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The assessment of 'wicked' competences: post-conference version

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A report of an enquiry into the ways in which 'wicked' competences are assessed, incorprorating comments made during the presentation at the SEDA conference, 22 November 2006

A report of an enquiry into the ways in which 'wicked' competences are assessed, incorprorating comments made during the presentation at the SEDA conference, 22 November 2006

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  • 1. The assessment of ‘wicked’ competences: December version Peter Knight and Anna Page Institute of Educational Technology
  • 2. Outline
    • What are ‘wicked’ competences?
    • What’s the problem?
    • The enquiry and its findings
    • Implications for us
    • Finding out more
  • 3. Explanation
    • By ‘wicked’ competences we mean ones that are hard to define, know how to teach and to assess.
        • Derived from the idea of ‘wicked’ problems which are:
            • not understood until after formulation of a solution
            • reflect radically different world views and different frames for understanding the problem.
            • shape-shifting.
            • never solved.
  • 4. The problem
    • ‘ Wicked’ competences are often the soft skills and other complex achievements that graduate employers say they value.
    • What’s a university to do about:
        • fostering
        • assessing
    • them?
  • 5. AWC study design
    • Ask key informants (n=30) in six professions to identify two ‘wicked’ competences’
    • Choose nine most-cited ‘wicked’ competences
    • Construct questionnaire for each subject area and use all available networks to get respondents (83 usable responses by 15/11)
    • Follow-up phone interviews with sub-sample
    • Literature review runs throughout
  • 6. The nine competences
  • 7. Is there likely to be a problem here?
    • Practice falls short of good social science research standards.
      • Data from UK Student Assessment and Classification Working Group on inconsistent and variable assessment practices
    • Standards are vague and incomplete
    • Lack of clear, agreed criteria or interpretations
  • 8. How seriously is AWC taken? Yes Yes Yes Yes Yes Priority Yes Yes Yes Yes Yes Yes Yes Yes Valued Take onwards Self-manage Relate Know Oral Listen Group EI Support
  • 9. How is AWC done? 5 3 12 13 5 8 15 2 20 n=83 3.6 3.6 3.5 1.87 Coursework 3.8 3.8 3.54 4.2 3.5 3.53 4.3 Tests 4.4 3.87 Portfolios 4.0 4.0 3.58 3.69 3.6 0.5 4.16 Simulations 2.0 1.92 3.8 3.8 1.5 Workplace 2.33 3.5 2.38 4.5 Criteria 2.8 2.0 2.4 0.5 Indirect 2.0 2.17 1.85 2.4 2.25 3.5 Direct Take onwards Self-manage Relate Know Oral Listen Group EI Support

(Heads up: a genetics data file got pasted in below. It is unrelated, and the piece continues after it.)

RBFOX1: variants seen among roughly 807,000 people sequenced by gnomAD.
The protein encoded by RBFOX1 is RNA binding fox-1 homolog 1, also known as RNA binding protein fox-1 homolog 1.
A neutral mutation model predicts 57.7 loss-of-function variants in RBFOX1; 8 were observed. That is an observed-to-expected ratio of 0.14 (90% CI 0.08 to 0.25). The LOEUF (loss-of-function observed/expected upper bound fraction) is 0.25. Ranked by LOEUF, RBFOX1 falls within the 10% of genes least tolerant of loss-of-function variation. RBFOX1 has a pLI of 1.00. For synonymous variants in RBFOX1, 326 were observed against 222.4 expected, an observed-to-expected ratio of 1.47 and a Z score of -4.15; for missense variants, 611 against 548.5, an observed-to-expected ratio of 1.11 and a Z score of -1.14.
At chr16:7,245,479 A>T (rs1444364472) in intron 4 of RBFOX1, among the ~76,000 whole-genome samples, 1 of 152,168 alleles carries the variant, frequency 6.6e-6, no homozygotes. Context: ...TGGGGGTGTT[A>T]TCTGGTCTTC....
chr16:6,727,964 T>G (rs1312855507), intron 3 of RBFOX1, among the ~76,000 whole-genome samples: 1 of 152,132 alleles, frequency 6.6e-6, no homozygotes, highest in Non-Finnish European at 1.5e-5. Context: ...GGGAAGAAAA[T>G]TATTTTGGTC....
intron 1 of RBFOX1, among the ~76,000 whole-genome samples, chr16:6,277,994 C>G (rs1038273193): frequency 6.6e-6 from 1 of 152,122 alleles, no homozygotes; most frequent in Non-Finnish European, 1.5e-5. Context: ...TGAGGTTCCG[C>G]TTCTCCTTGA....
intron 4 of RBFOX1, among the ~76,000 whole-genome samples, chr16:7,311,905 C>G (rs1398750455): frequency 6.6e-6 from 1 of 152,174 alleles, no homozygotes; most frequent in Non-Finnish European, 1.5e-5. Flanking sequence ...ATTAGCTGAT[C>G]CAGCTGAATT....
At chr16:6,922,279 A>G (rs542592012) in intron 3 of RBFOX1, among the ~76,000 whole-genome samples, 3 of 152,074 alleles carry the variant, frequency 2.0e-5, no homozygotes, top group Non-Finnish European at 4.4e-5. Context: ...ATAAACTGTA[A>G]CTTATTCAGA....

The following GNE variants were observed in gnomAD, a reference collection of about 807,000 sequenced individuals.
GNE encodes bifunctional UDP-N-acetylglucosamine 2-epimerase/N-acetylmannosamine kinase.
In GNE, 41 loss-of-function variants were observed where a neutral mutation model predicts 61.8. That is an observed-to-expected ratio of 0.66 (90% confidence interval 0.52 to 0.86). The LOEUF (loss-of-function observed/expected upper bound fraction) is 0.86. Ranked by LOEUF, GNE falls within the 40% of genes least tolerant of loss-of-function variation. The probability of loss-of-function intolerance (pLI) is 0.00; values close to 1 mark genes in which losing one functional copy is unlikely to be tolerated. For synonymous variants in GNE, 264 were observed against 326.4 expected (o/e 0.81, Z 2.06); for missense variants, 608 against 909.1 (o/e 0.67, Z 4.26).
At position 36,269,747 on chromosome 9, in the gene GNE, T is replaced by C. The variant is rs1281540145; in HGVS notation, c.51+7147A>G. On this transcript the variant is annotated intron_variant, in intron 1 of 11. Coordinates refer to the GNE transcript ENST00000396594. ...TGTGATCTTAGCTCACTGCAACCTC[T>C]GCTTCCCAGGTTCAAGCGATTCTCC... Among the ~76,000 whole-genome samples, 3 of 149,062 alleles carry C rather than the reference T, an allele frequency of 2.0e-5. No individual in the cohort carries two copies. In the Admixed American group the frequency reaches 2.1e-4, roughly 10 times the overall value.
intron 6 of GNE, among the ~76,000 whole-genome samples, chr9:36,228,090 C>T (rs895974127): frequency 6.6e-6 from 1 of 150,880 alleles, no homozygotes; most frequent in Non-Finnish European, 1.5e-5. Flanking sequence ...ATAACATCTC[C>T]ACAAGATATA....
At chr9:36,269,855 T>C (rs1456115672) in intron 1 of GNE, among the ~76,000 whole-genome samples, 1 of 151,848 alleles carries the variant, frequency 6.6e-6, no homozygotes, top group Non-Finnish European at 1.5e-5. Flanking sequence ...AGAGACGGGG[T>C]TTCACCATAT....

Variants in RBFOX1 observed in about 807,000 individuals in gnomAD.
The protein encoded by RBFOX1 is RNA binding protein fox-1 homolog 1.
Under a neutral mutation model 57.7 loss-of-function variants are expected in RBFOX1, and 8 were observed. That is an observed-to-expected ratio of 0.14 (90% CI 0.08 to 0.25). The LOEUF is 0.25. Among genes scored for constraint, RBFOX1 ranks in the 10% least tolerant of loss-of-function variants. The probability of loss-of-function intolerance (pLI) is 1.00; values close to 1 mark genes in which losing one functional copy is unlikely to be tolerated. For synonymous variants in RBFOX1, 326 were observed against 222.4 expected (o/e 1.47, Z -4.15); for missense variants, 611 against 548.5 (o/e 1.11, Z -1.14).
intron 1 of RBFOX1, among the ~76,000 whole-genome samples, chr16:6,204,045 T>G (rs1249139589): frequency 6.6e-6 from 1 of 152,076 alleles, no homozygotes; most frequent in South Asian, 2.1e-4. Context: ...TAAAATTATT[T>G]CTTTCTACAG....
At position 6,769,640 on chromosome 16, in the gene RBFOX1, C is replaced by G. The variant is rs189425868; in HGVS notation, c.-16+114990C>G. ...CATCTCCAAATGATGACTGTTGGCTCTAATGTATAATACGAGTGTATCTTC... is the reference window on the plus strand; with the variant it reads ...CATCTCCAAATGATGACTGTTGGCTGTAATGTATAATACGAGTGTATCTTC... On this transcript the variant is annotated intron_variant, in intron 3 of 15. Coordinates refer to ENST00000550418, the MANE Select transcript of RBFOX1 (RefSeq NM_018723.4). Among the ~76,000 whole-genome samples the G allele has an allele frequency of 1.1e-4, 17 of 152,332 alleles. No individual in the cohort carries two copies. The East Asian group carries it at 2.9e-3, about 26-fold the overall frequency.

• 10. In your institution, is this competence mainly assessed at programme or at module level? 65 9 15 5 17 3 16 Mainly module, course or unit 18 3 3 5 3 1 3 Mainly programme / award All (n = 83) Youth work (n = 12) Social work (n = 18) Secondary School teaching (n = 10) Nursing (n = 20) Early years teaching (n = 4) Accountancy (n = 19)
  • 11. Cause for concern?
    • Note the argument that ‘wicked’ competences grow slowly and should therefore be assessed across whole programmes.
    • Did informants identify great assessment difficulties?
        • Following slides suggest not
            • Data organised around six areas of potential difficulty: poor training, high cost, time-intensive, fuzzy criteria, meaning of competence not clear, reliable assessment methods lacking.
  • 12. Develop supportive relationships
    • Secondary education & Youth work
    • 1 = Strongly agree; 2 = Agree; 3 = Neutral; 4 = Disagree; 5 = Strongly disagree
    • Blue means ‘not a problem’; Red means ‘problematic’
    Not a problem, yet Q24 says may be a problem for Youth work 2.4 3.8 3.3 3.1 3.5 3.7 Not a problem for Secondary education 2.8 3.3 2.9 4.0 3.7 3.5 Not a problem 2.6 3.6 3.1 3.6 3.6 3.6 Conclusion Reliability Meaning Criteria Time Cost Training
  • 13. Emotional intelligence
    • Youth work
    • 1 = Strongly agree; 2 = Agree; 3 = Neutral; 4 = Disagree; 5 = Strongly disagree
    • Blue means ‘not a problem’; Red means ‘problematic’
    Problem 1.5 2.5 2.3 2.0 1.5 1.5 Conclusion Reliability Meaning Criteria Time Cost Training
  • 14. Group work
    • Accounting
    • 1 = Strongly agree; 2 = Agree; 3 = Neutral; 4 = Disagree; 5 = Strongly disagree